Brief History of Climate Policy

The question of how climate change might affect human activities appeared on the international agenda in 1979 at the World Climate Conference (WCC).3 The conference issued a declaration calling on the world's governments '( ) to foresee and prevent potential man-made changes in 2 It can be argued that it is problematic to use the categorization of sceptics and supporters because it is too difficult to capture the complexity of the issue and the diversity of viewpoints by categorizing the debate...

E2 Geopolitics and Global Energy Security

Understanding of energy security relies on geographical diversification of energy supplies, sources and stability of prices. Since the extraction and burning of coal started, energy is powering the world economy. Depletion of stocks and global energy supplies make countries vulnerable to disruptive events, no matter where they take place. The first oil crisis of 1973 or the invasion of Iraq in 2003 exemplified the consequences for nations when energy supply became uncertain. Therefore, national...

Energy Efficiency and Climate Change

Conserving Power for a Sustainable Future B. Sudhakara Reddy Gaudenz B. Assenza Dora Assenza Franziska Hasselmann Wi O Los Angeles London New Delhi. Singapore Washington DC Copyright B. Sudhakara Reddy, Gaudenz B. Assenza, Dora Assenza and Franziska Hasselmann, 2009 All rights reserved. No part of this book may be reproduced or utilized in any form or by any means, electronic or mechanical, including photocopying, recording, or by any information storage or retrieval system, without permission...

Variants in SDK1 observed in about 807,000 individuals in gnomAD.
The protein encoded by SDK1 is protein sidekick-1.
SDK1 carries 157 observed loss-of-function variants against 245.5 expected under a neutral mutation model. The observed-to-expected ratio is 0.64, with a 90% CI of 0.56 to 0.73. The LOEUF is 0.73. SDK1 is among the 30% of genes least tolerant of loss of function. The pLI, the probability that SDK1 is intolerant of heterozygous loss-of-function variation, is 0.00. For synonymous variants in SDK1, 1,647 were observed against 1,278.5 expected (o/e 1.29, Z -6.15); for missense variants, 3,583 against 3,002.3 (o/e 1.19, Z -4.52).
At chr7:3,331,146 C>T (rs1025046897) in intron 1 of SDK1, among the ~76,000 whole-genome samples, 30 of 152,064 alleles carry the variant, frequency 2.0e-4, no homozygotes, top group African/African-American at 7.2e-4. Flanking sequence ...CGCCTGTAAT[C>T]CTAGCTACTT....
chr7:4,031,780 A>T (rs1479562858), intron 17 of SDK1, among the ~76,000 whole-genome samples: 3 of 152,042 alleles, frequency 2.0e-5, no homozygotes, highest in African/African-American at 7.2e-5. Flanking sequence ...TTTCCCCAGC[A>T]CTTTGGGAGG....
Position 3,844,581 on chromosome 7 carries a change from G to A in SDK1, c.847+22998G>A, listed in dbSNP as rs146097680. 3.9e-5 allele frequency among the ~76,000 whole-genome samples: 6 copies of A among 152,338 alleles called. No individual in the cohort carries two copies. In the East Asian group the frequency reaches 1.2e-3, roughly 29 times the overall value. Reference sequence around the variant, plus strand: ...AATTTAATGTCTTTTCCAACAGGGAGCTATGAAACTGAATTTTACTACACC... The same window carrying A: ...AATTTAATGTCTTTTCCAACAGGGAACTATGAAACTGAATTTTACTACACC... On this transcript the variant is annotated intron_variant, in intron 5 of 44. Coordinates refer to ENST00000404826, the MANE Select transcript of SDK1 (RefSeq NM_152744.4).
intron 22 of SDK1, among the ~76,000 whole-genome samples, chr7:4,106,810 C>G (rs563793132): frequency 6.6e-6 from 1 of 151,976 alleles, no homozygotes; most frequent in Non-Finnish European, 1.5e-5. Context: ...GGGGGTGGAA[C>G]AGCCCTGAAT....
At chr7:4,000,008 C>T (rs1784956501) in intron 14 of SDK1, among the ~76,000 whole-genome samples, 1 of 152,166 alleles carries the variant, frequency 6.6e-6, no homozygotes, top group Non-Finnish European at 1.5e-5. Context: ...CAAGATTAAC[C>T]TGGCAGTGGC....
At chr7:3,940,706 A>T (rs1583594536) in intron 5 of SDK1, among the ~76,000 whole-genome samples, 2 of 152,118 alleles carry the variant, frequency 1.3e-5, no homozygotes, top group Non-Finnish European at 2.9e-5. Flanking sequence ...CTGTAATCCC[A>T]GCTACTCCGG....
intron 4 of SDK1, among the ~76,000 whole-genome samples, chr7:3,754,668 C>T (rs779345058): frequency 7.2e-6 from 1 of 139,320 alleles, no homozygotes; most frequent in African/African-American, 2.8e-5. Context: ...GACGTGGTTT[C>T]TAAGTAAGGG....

Commercialization of Energy Efficient Technologies The Mechanism

EETs are among the most complex cluster of technologies for commercialization. First of all, most of these technologies are alternatives for well-established existing technologies and are still evolving, which makes it difficult to decide what exactly should be diffused or commercialized in terms of knowledge, techniques and hardware. Second, these technologies require an interconnecting series of difficult technological choices concerning resources, transformation processes and transportation...

A3 Real World Second Law Efficiencies

Second law efficiencies as low as in our stylized example are far from being unrealistic. The second law efficiency of overall electricity consumption, for example, is estimated by Gilli et al. to be lower than 6 per cent on a world-wide average.57 In contrast to low second law efficiencies, however, commonly high first law efficiencies support the impression that further efficiency improvements are hardly possible. Moreover, while our example merely focuses on the efficiency with which space...

Benefits of Energy Efficiency

The short- and long-term benefits of EE are given in Table 5.1. In households, improving the efficiency of energy use resulting in reduced energy requirement to provide a given amount of lighting, cooking, heating and other services is equivalent to an increase in income on account of 1 Dr Eric Ferguson 2003 (personal communication). Table 5.1 Positive Aspects of Energy Efficiency Table 5.1 Positive Aspects of Energy Efficiency Reduces load, peak demand and energy use Less oil wells,...

Consumers

Consumers play an important role in the choice of technology and are the main actors. From the perspective of the consumers, the technology choice depends mainly on the annual energy budgets coupled with the availability of a particular technology. The costs of energy utilizing devices like stoves or water heaters also have an impact. Thus, the consumer makes a choice based on the desires and priorities, especially the financial resources and related constraints. However, there are other...

Economics

Economic activities not only include wealth and prosperity in a financial sense but also the provision or protection of qualitative features, such as environmental amenities and quality of life. Some of these qualitative features can be provided by economic activities. Equally important is the challenge to prevent the economy from creating excessive externalities and damaging the quality of life. The Human Development Index and similar alternatives to the indicator of GDP attempt to capture a...